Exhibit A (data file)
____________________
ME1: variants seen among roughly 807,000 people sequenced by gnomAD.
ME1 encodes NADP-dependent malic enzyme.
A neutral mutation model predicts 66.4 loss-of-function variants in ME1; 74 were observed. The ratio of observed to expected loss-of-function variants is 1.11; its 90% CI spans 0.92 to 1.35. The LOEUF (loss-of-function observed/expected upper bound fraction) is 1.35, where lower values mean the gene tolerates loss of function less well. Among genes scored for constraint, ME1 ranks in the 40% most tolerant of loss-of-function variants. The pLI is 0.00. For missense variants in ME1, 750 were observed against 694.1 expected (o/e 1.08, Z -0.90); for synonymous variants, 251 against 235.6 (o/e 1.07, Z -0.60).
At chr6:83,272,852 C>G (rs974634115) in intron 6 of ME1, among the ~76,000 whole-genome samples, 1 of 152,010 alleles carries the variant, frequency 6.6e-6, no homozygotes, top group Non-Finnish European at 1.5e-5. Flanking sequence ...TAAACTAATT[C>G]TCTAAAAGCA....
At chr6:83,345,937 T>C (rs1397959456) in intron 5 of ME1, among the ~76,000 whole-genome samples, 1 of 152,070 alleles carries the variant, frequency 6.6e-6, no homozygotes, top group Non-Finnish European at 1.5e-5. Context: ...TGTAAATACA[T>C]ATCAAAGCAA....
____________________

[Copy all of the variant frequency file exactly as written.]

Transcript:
ME1: variants seen among roughly 807,000 people sequenced by gnomAD.
ME1 encodes NADP-dependent malic enzyme.
A neutral mutation model predicts 66.4 loss-of-function variants in ME1; 74 were observed. The ratio of observed to expected loss-of-function variants is 1.11; its 90% CI spans 0.92 to 1.35. The LOEUF (loss-of-function observed/expected upper bound fraction) is 1.35, where lower values mean the gene tolerates loss of function less well. Among genes scored for constraint, ME1 ranks in the 40% most tolerant of loss-of-function variants. The pLI is 0.00. For missense variants in ME1, 750 were observed against 694.1 expected (o/e 1.08, Z -0.90); for synonymous variants, 251 against 235.6 (o/e 1.07, Z -0.60).
At chr6:83,272,852 C>G (rs974634115) in intron 6 of ME1, among the ~76,000 whole-genome samples, 1 of 152,010 alleles carries the variant, frequency 6.6e-6, no homozygotes, top group Non-Finnish European at 1.5e-5. Flanking sequence ...TAAACTAATT[C>G]TCTAAAAGCA....
At chr6:83,345,937 T>C (rs1397959456) in intron 5 of ME1, among the ~76,000 whole-genome samples, 1 of 152,070 alleles carries the variant, frequency 6.6e-6, no homozygotes, top group Non-Finnish European at 1.5e-5. Context: ...TGTAAATACA[T>C]ATCAAAGCAA....